Newfoundland’s Showdown with its Unions
By Peter Fenwick
In a battle reminiscent of the Winnipeg general strike, close to 20,000 public service workers in Newfoundland walked off the job April 1st in the largest job action in provincial history. Hospitals, highways workers, general government workers and many school board support staff have set up picket lines from Cape Spear to Nain Labrador.
Although the unions walked out over the monetary terms of a new collective agreement, the fight is more about what shape the new Newfoundland economy will take. The unions are reeling from the recently tabled budget that proposed laying off 4000 public employees over four years, an eighth of the provincial public service.
And while those cuts will hurt, it is difficult to see what else the government could do.
When the Williams government took over the most indebted province in Canada four months ago it found itself facing a billion dollar deficit, a deficit that exceeded 6% of provincial GDP and represented a full 25% of government spending for the year.
In a desperate effort to rein in spending, the premier announced a two year public service wage freeze, and finance Minister Loyola Sullivan brought in an austere budget that increased fees across the board while it cut the provincial payroll by close to 1000 in year one. To eliminate the cash deficit he then proposed cutting the civil service by another thousand each year until the cash accounts balanced in 2007-2008.
For the public sector unions it was too much. Despite last minute negotiations with the premier himself the two parties could not agree on a settlement. On a five year contract the parties were a full seven percentage points apart.
The fiscal mess has been almost eight years in the making. In the mid nineties despite the grim economic times, the Wells government had managed to wrestle the deficit to the ground. By laying off thousands of public employees, and by cutting wherever he could, the fiscal house he passed on to Brian Tobin in 1996 was in the best shape since Confederation.
But Tobin abandoned the financial restraint of Wells and ramped up spending, a practice that was continued by his successor Roger Grimes. Worse still, the profligate duo raided the cupboard for the small nest eggs that had accumulated over the years. Special one time funding for roads, constitutional subsidies, dividends from Newfoundland and Labrador Hydro, and special federal payments for abandoning the Newfoundland railway in 1989 were consumed as spending rose. Once these one-time payments were exhausted, program spending and debt charges exceeded revenues by hundreds of millions of dollars a year.
To make matters worse federal transfer payments continued to decline. That coupled with huge increases in the cost of the statist health care system made prospects for the future much, much worse. A December economic review by Price Waterhouse Coopers predicted gross deficits of a billion dollars a year for the next four years.?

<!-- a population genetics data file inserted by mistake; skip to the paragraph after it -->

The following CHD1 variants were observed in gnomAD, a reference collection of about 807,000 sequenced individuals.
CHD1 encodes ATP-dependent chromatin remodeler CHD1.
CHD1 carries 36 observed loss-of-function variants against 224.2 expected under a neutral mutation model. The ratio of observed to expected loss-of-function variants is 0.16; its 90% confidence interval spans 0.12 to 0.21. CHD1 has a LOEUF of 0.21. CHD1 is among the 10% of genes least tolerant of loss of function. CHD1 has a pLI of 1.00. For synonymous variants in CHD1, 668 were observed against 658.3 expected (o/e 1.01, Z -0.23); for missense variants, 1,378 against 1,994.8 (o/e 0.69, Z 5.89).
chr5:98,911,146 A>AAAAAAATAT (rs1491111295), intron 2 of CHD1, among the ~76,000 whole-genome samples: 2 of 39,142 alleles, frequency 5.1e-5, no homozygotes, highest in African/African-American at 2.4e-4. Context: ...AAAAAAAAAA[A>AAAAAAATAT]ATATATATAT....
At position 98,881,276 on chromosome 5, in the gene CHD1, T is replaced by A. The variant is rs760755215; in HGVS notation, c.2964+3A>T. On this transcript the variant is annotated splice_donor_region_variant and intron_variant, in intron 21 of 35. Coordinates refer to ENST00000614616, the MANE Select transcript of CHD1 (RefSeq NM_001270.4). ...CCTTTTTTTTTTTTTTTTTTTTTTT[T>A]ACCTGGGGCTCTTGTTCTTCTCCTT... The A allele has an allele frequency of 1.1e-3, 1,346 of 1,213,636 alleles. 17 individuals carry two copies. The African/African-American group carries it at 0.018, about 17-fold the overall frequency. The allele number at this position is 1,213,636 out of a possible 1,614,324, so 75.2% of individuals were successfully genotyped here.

Once the budget was tabled on March 30th the opposition Liberals attacked the government for reneging on their election promise of no mass layoffs. The government claimed that the 400 unionized employees to be let go this year were but one per cent of the public sector. (The rest of the layoffs were teachers and managers) The government then reminded the opposition that they had campaigned on a plan to cut back on the size of the public sector, but would do it by attrition as over 6000 public employees quit or retired over the next four years.
Missed in all the sound and fury is the impact on the political culture of cutting over 4000 employees from the public service. While there will be consolidation in the education, health care and social services sectors (20 welfare offices will be closed), the real impact will be on the balance of public versus private sector employees in the province. Newfoundland has always had a disproportionately large number of public employees. Over 50% of employees in the St. John’s area work for one level of government or another. The proportion in the rest of the province is lower, but is still in the 30 per cent range.
By cutting 4000 civil servants from the work force while the private sector workforce is growing, the balance of public versus public sector employees shifts significantly. In the last six years the total work force has increased by almost 30,000, mainly in the private sector.
Combine this shift in the work force with the impact of the loss of union dues when 4000 public employees are cut loose and the dominant position of the public sector unions will be lessened significantly.
Frankly it is long overdue. In a province that would not privatize Newfoundland and Labrador Hydro, and strongly supports public employment while it dismisses shareholder held organizations as greedy, businesses have traditionally kept a low profile. Yet if the economy is to grow, the massive reliance on government spending as the employer of last resort has to stop.
Which is why the confrontation between the government and the unions may be the sign of change in the province. Just as Margaret Thatcher’s breaking of the miners union and Ronald Regan’s elimination of the air traffic controllers union signaled a shift to a less government interventionist, more free enterprise friendly economy, the fight between the government and the unions may signal the same thing in Newfoundland.
It’s about time.
Peter Fenwick is AIMS Fellow on Newfoundland Issues. He lives in Cape St. George, Newfoundland